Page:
Tough call: The case of the complacent salespeople

As a group, your salespeople have stopped pursuing new business, because the company is already doing well. You need to shake things up. But how?
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As the owner of an independent LBM dealer that very nearly went out of business following the Great Recession, you couldn’t possibly be more pleased at where your business is today. You and your team have made all the right moves over the past few years and, as a result, you’re the undisputed leader in your market. Getting rid of slow-moving products (and whole categories, in some cases), and adding the right mix of line extensions from brands you already carry, as well as rolling the dice on some new items that have proven extremely strong. Sales are strong to all segments you serve—new construction, remodelers and homeowners. Yes, there’s word of a coming economic slow-down…but you’ll cross that bridge when you come to it.

While most things are good, there’s been one unexpected (and unwelcome) side effect of business being so strong: complacent salespeople. It’s understandable, you suppose. After years of scouring the market and scrounging for sales, now that sales are strong, its only human for your hardworking salespeople to take a breather. For a while, it was fine. But it’s now been four months and counting since anyone has signed up a new builder or remodeler, so you’re getting concerned.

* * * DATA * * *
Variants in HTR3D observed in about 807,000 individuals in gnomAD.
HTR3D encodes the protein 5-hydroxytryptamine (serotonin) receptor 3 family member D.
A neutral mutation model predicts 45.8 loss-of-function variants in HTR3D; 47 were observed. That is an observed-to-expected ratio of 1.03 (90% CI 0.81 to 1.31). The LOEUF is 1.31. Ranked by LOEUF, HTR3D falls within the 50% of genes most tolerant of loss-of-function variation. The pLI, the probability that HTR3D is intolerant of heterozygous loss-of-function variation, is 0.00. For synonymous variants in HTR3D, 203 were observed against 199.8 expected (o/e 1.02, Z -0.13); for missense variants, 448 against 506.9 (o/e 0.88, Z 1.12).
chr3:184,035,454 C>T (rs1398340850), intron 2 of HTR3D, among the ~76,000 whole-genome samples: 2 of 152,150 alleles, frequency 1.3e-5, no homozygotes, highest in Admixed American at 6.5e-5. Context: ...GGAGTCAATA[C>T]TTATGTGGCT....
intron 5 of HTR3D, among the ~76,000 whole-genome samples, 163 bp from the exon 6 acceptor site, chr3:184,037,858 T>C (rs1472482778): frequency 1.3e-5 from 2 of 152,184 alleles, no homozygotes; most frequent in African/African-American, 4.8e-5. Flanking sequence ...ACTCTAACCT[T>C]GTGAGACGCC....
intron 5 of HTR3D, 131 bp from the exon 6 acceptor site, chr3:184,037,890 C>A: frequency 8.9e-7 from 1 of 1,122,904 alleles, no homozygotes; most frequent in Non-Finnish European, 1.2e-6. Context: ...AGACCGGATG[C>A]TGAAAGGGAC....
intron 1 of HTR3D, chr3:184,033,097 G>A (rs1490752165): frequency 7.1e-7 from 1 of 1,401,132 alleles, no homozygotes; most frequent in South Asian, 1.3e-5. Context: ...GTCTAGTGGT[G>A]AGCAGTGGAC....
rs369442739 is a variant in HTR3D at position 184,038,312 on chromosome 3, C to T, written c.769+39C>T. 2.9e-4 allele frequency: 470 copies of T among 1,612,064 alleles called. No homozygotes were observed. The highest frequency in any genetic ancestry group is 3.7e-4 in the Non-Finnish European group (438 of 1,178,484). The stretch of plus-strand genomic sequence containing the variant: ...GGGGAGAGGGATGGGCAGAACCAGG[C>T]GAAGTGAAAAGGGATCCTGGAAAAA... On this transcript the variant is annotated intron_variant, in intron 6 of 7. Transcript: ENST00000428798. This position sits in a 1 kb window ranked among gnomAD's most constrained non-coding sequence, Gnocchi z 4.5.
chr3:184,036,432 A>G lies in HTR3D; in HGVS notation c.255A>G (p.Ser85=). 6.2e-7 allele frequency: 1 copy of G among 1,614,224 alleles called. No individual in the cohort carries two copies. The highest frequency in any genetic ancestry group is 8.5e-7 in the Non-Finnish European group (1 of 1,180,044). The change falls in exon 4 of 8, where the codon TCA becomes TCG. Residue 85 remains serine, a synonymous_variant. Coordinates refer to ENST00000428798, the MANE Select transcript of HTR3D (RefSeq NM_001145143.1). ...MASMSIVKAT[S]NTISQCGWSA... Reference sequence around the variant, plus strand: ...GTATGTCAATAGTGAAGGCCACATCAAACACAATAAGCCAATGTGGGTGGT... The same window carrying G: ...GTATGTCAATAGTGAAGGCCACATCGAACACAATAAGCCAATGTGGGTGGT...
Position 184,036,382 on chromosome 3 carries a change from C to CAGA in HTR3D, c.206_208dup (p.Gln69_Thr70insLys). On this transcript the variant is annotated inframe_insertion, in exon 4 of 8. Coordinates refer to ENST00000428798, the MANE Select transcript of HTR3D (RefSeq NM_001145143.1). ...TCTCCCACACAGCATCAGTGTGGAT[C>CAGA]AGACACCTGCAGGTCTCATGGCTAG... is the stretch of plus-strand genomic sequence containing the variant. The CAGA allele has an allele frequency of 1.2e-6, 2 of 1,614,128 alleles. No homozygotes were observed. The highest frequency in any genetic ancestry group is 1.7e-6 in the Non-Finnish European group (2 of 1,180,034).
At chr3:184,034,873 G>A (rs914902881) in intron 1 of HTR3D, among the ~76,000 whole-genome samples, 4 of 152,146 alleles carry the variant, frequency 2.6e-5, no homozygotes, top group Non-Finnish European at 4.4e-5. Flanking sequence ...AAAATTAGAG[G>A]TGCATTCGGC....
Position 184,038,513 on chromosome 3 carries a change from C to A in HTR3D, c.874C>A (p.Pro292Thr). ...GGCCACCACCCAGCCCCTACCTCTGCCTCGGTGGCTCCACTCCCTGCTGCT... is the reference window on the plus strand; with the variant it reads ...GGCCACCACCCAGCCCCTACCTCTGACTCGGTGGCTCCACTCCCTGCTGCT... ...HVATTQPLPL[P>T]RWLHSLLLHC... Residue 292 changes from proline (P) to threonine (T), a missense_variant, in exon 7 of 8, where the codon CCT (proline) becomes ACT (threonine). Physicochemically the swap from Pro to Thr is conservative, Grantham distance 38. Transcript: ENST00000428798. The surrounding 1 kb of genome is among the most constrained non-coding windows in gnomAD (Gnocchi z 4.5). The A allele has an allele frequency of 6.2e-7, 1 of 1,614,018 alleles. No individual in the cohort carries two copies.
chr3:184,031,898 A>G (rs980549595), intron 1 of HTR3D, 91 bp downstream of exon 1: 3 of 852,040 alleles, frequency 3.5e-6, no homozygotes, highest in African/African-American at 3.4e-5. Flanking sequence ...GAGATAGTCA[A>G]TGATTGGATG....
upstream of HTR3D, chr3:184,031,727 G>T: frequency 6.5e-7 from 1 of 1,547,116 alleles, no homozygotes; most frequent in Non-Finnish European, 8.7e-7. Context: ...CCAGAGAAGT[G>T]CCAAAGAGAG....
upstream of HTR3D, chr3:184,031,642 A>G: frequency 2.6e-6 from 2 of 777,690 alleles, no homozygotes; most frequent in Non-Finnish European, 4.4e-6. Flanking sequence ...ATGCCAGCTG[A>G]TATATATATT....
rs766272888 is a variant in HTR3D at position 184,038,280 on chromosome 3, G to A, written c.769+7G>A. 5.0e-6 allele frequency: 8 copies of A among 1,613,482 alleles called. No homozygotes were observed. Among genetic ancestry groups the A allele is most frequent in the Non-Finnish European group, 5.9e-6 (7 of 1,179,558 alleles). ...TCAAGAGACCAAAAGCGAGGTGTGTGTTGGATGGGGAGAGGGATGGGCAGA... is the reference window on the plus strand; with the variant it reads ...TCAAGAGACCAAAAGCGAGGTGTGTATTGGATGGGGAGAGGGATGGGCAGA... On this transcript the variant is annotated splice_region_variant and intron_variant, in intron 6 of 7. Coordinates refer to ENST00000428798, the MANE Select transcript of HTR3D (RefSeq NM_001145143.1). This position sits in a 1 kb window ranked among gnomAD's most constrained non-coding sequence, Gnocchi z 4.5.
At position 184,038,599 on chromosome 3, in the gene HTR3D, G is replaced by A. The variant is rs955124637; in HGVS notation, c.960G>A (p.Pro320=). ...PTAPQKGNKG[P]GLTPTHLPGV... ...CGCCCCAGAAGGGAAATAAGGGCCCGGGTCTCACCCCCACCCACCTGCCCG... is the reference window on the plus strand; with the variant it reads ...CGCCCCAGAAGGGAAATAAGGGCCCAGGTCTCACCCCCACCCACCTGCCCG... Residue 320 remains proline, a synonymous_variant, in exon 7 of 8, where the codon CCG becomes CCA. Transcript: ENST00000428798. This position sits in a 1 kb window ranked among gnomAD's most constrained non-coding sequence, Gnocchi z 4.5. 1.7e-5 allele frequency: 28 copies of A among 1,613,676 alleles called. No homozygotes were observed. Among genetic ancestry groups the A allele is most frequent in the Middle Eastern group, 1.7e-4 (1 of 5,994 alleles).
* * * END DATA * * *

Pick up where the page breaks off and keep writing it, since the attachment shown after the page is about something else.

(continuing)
When you broached this fact in a recent sales meeting, you were surprised and disappointed at the response. “Who cares about signing up new customers when we’re busy serving our existing customers?” The problem with that thinking, of course, is that there’s no guarantee that current customers will be buying as much as they are forever. They may sell, downsize, go out of business, or switch to a different supplier. When you pointed out that reality to your reps, the message was met with indifference. They made clear that they’re doing all that they’re going to do.

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You’re fortunate to have low turnover. In fact, most of your sales team has been with you for more than a decade. You’ve been through a lot together, and you wouldn’t be where you are today without their efforts.

However, as the owner of a business that you intend  to build until it’s time to retire, you know you’ve got to do something to light a fire under your sales team and get them reengaged. Otherwise, the competition is going to eat up all the new business and possibly take over the leadership position that you currently enjoy. You know that you need to take action before the situation gets any worse. The question is, what should you do?

1. FIRE ONE
Relieve the least productive salesperson of their employment with your firm, then gather the rest and let them know that others will follow if performance doesn’t improve.

2. CONTEST
Offer bonuses for each new account that salespeople bring in over the next six months, with prizes for the most new accounts, and the highest sales by new accounts.

3. REVIEW PAY?
Maybe their complacency can be fixed by tweaking your compensation and bonus plan. Take a fresh look at how you pay, and modify that to accomplish your goals.

4. NEGOTIATE
Meet with them individually, explain your concerns—for the company and their future—and see if you can win them over, one by one.

 

What would you do?

 

Something else?

If you’d take a different plan of attack, email your suggested solution to James@LBMJournal.com. If we publish your reply, we’ll send you an LBM Journal mug.

 

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